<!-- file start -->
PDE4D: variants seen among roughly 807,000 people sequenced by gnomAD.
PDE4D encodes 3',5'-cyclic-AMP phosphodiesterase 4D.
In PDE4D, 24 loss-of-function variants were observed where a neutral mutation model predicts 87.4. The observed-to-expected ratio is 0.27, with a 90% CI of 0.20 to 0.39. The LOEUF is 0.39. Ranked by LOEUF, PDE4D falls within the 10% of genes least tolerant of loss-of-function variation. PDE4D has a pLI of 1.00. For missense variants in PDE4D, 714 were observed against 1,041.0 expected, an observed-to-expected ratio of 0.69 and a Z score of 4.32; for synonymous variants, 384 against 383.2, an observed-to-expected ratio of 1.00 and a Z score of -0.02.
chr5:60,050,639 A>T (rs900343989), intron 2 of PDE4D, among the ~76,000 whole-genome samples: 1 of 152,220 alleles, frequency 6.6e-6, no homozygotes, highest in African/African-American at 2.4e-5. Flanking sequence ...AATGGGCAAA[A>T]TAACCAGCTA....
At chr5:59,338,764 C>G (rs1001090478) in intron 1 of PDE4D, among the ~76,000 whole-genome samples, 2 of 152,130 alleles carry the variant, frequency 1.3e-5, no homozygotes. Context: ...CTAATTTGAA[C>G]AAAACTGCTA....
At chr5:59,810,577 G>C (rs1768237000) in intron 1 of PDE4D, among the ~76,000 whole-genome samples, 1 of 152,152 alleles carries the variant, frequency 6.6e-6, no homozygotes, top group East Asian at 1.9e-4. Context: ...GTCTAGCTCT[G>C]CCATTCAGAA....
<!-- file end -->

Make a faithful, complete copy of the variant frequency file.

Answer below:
PDE4D: variants seen among roughly 807,000 people sequenced by gnomAD.
PDE4D encodes 3',5'-cyclic-AMP phosphodiesterase 4D.
In PDE4D, 24 loss-of-function variants were observed where a neutral mutation model predicts 87.4. The observed-to-expected ratio is 0.27, with a 90% CI of 0.20 to 0.39. The LOEUF is 0.39. Ranked by LOEUF, PDE4D falls within the 10% of genes least tolerant of loss-of-function variation. PDE4D has a pLI of 1.00. For missense variants in PDE4D, 714 were observed against 1,041.0 expected, an observed-to-expected ratio of 0.69 and a Z score of 4.32; for synonymous variants, 384 against 383.2, an observed-to-expected ratio of 1.00 and a Z score of -0.02.
chr5:60,050,639 A>T (rs900343989), intron 2 of PDE4D, among the ~76,000 whole-genome samples: 1 of 152,220 alleles, frequency 6.6e-6, no homozygotes, highest in African/African-American at 2.4e-5. Flanking sequence ...AATGGGCAAA[A>T]TAACCAGCTA....
At chr5:59,338,764 C>G (rs1001090478) in intron 1 of PDE4D, among the ~76,000 whole-genome samples, 2 of 152,130 alleles carry the variant, frequency 1.3e-5, no homozygotes. Context: ...CTAATTTGAA[C>G]AAAACTGCTA....
At chr5:59,810,577 G>C (rs1768237000) in intron 1 of PDE4D, among the ~76,000 whole-genome samples, 1 of 152,152 alleles carries the variant, frequency 6.6e-6, no homozygotes, top group East Asian at 1.9e-4. Context: ...GTCTAGCTCT[G>C]CCATTCAGAA....